Kore (moon)

Summary

Kore /ˈkɔːr/, also known as Jupiter XLIX, is a natural satellite of Jupiter. It was discovered by a team of astronomers from the University of Hawaii led by Scott S. Sheppard in 2003 and given the provisional designation S/2003 J 14.[3][4]

Kore
Kore s2003j14movie circled.gif
Images of Kore from the Canada-France-Hawaii Telescope on 26 February 2003
Discovery
Discovered byScott Sheppard et al.
Discovery date2003
Designations
Designation
Jupiter XLIX
Pronunciation/ˈkɔːr/[1]
Named after
Κόρη Korē
S/2003 J 14
Orbital characteristics[2]
24543000 km
Eccentricity0.325
−779.2 days
Inclination145.0°
Satellite ofJupiter
GroupPasiphae group
Physical characteristics
Mean diameter
2 km
23.6

Kore is about 2 kilometers in diameter, and orbits Jupiter at an average distance of 23,239,000 km in 723.720 days, at an inclination of 141° to the ecliptic (139° to Jupiter's equator), in a retrograde direction and with an eccentricity of 0.2462.

It belongs to the Pasiphae group, which is made up of irregular retrograde moons orbiting Jupiter at distances ranging between 22.8 and 24.1 Gm, and with inclinations ranging between 144.5° and 158.3°.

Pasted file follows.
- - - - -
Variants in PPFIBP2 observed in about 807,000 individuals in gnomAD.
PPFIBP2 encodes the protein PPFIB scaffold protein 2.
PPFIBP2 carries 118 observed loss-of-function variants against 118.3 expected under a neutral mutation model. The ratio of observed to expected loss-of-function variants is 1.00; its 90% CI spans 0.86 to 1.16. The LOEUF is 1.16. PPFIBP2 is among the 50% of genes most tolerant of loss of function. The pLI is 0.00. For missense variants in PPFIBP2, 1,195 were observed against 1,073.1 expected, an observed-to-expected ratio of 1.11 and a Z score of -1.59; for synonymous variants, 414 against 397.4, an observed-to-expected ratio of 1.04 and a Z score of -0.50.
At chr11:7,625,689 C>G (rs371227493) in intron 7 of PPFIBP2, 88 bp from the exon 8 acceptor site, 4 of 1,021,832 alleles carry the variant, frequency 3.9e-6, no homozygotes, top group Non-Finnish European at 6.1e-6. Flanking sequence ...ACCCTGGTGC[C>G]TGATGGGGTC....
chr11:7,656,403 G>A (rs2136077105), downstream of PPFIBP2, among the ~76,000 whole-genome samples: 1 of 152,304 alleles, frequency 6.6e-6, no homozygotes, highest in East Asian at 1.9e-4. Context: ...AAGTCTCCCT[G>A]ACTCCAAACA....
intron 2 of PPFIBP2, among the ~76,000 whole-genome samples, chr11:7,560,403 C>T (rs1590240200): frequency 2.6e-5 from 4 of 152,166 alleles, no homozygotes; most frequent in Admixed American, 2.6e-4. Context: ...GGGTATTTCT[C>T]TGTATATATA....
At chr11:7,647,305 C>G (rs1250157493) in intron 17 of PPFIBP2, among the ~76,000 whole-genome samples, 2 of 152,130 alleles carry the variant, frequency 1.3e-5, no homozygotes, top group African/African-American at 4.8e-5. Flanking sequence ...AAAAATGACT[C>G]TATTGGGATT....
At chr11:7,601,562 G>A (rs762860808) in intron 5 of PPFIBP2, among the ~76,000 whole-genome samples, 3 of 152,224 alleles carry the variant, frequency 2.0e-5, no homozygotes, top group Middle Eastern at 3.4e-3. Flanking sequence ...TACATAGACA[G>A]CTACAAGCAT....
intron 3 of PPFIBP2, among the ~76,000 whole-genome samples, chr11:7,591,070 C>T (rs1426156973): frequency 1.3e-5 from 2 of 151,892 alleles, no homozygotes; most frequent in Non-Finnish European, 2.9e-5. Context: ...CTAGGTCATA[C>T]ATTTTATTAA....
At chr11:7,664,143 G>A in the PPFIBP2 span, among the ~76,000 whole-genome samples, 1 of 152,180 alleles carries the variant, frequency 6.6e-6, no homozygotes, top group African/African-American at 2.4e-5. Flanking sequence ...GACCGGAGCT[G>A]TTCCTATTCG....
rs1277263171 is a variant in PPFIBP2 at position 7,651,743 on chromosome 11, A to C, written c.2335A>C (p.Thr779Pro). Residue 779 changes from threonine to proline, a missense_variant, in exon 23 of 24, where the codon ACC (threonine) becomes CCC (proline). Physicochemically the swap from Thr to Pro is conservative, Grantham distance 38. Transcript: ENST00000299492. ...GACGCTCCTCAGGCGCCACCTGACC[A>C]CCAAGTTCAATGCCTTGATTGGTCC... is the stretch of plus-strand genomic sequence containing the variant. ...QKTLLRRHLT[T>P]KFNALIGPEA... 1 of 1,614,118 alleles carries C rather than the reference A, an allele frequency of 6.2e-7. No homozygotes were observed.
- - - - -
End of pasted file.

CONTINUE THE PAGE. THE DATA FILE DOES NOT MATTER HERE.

It was named after Kore, another name for the Greek goddess Persephone (from the Greek κόρη, "daughter [of Demeter]").[5]

ReferencesEdit

  1. ^ as 'Core' in Noah Webster (1884) A Practical Dictionary of the English Language
  2. ^ S.S. Sheppard (2019), Moons of Jupiter, Carnegie Science, on line
  3. ^ IAUC 8116: Satellites of Jupiter and Saturn Archived 2006-05-05 at the Wayback Machine 2003 April (discovery)
  4. ^ MPEC 2003-G10: S/2003 J 14 2003 April (discovery and ephemeris)
  5. ^ IAUC 8826: Satellites of Jupiter and Saturn 2007 April (naming the moon)